Update: The federal courts are just fine with attorneys using RECAP. They just want you to be careful about computer security in general.

pacer--public-recordsLast week I wrote about RECAP, a Firefox extension that automatically uploads PACER documents to the free, public repository. Shortly afterward, the federal courts sent out an ominous warning full of FUD (Fear, Uncertainty, and Doubt), suggesting that RECAP was dangerous, open-source software.

Paul Levy at Consumer Law & Policy Blog expertly picks apart the courts’ e-mail:

In other words, the courts’ experts have not been able to find any present security concerns, but they want users to worry that “open source” software is more vulnerable to malign modifications.  Be afraid.  Be VERY afraid.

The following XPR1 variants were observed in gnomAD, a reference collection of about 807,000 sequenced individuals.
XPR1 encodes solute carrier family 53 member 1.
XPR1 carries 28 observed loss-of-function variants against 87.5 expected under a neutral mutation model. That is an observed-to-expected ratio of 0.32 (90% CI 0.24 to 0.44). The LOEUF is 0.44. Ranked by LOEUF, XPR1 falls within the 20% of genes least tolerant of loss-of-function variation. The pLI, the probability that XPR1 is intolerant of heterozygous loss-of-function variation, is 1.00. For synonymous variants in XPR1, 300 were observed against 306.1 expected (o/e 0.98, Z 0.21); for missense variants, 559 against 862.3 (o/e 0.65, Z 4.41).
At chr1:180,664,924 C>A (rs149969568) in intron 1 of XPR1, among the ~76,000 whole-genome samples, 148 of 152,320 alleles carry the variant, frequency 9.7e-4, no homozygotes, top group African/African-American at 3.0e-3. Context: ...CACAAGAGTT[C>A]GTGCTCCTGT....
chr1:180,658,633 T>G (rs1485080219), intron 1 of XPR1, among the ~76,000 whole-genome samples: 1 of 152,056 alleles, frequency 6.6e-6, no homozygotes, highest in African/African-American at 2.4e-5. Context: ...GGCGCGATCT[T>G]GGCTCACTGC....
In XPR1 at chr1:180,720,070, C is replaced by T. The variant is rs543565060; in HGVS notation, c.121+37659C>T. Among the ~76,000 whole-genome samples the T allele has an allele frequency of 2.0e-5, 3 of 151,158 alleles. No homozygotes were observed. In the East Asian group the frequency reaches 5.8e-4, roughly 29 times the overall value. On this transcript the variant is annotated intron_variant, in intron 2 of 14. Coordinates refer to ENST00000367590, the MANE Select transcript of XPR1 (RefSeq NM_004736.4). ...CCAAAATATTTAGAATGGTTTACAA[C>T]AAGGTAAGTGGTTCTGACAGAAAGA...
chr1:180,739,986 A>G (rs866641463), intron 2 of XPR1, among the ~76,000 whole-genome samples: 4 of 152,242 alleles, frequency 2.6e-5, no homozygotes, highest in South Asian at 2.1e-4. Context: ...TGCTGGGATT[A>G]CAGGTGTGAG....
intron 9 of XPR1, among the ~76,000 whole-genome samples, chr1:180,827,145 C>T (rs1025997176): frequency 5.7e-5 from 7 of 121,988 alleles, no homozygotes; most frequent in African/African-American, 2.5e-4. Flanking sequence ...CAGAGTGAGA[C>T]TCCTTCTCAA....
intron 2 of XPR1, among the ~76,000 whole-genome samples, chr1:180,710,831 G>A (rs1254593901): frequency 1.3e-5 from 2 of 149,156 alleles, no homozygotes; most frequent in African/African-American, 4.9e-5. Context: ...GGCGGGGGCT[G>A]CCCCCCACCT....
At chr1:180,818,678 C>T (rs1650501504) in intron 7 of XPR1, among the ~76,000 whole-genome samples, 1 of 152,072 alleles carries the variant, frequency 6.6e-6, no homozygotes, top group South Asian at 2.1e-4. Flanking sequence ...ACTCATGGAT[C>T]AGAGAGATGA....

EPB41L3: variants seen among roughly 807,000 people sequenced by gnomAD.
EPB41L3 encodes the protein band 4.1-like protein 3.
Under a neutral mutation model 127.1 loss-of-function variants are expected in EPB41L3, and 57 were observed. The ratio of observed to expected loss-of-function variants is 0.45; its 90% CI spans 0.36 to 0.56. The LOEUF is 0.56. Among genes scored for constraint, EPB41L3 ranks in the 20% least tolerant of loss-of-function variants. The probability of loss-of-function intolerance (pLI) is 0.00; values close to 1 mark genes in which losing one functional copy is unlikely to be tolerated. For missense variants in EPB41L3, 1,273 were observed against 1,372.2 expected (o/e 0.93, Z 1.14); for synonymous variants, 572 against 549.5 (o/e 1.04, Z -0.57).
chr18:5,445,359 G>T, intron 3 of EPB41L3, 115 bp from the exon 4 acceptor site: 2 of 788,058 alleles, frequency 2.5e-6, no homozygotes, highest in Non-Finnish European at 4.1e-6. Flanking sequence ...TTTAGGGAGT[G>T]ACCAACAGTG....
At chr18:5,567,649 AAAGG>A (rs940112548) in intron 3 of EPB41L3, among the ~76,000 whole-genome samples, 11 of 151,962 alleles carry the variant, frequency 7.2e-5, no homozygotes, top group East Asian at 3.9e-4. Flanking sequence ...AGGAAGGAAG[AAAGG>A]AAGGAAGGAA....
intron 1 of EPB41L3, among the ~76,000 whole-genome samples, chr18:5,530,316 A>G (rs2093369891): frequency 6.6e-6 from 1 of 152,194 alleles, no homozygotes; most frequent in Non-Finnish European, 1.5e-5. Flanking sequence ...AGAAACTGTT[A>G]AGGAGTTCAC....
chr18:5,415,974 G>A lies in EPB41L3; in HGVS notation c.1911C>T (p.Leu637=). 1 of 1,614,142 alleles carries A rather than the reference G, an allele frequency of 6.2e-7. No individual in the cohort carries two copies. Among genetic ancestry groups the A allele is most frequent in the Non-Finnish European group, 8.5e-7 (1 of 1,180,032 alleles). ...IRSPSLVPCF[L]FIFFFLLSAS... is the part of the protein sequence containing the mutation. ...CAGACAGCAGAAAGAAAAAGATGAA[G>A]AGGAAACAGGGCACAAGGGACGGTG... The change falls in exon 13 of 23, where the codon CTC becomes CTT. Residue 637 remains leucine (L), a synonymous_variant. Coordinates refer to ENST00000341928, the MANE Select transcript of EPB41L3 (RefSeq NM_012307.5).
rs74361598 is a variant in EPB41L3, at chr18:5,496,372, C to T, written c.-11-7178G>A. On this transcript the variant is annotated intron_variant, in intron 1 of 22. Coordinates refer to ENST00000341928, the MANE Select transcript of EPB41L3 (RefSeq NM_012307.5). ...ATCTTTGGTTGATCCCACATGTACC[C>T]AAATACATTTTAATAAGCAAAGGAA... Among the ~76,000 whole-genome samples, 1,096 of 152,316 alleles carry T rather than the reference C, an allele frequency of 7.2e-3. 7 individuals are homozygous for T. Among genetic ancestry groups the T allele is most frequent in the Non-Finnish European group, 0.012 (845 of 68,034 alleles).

RECAP is open source, which means anyone can find flaws or suggest improvements. But RECAP is maintained by Princeton University’s Center for Information Technology Policy. While anyone can edit the code, the CITP decides what gets released to the public.

RECAP appears to be a solid project. Plus, it can save you and your clients money and it will help bring public records into the light.

1 Comment

  1. It’s not FUD. RECAP itself says that the documents being uploaded cannot be meaningfully verified as authentic because courts are not allowing hashes or something. The vulnerability isn’t necessarily a security breach, but basically, RECAP does not guarantee that the documents it makes available are authentic. All it takes is one crazed hacker to upload a bunch of fake docs onto RECAP.

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